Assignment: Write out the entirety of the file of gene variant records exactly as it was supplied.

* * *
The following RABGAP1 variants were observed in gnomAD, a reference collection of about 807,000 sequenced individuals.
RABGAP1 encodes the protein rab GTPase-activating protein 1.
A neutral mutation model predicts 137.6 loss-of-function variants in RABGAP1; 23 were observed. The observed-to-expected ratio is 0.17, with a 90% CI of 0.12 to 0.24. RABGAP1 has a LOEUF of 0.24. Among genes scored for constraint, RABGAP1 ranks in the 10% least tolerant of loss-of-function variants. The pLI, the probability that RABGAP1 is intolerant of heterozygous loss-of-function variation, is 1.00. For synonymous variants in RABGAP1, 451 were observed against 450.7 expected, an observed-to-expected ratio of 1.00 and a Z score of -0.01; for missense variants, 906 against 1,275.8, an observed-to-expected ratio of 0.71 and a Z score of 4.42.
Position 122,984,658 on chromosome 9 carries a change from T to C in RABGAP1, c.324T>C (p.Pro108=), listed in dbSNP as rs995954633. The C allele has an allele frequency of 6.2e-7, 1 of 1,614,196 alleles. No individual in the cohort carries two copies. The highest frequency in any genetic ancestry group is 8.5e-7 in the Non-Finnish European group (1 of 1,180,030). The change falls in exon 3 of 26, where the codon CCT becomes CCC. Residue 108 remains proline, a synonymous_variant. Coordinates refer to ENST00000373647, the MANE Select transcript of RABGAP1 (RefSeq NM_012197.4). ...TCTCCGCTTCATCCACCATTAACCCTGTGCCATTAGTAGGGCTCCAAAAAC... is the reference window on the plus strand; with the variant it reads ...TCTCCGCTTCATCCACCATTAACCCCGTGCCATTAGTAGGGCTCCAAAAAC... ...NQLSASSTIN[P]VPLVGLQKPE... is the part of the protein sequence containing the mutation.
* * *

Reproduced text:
The following RABGAP1 variants were observed in gnomAD, a reference collection of about 807,000 sequenced individuals.
RABGAP1 encodes the protein rab GTPase-activating protein 1.
A neutral mutation model predicts 137.6 loss-of-function variants in RABGAP1; 23 were observed. The observed-to-expected ratio is 0.17, with a 90% CI of 0.12 to 0.24. RABGAP1 has a LOEUF of 0.24. Among genes scored for constraint, RABGAP1 ranks in the 10% least tolerant of loss-of-function variants. The pLI, the probability that RABGAP1 is intolerant of heterozygous loss-of-function variation, is 1.00. For synonymous variants in RABGAP1, 451 were observed against 450.7 expected, an observed-to-expected ratio of 1.00 and a Z score of -0.01; for missense variants, 906 against 1,275.8, an observed-to-expected ratio of 0.71 and a Z score of 4.42.
Position 122,984,658 on chromosome 9 carries a change from T to C in RABGAP1, c.324T>C (p.Pro108=), listed in dbSNP as rs995954633. The C allele has an allele frequency of 6.2e-7, 1 of 1,614,196 alleles. No individual in the cohort carries two copies. The highest frequency in any genetic ancestry group is 8.5e-7 in the Non-Finnish European group (1 of 1,180,030). The change falls in exon 3 of 26, where the codon CCT becomes CCC. Residue 108 remains proline, a synonymous_variant. Coordinates refer to ENST00000373647, the MANE Select transcript of RABGAP1 (RefSeq NM_012197.4). ...TCTCCGCTTCATCCACCATTAACCCTGTGCCATTAGTAGGGCTCCAAAAAC... is the reference window on the plus strand; with the variant it reads ...TCTCCGCTTCATCCACCATTAACCCCGTGCCATTAGTAGGGCTCCAAAAAC... ...NQLSASSTIN[P]VPLVGLQKPE... is the part of the protein sequence containing the mutation.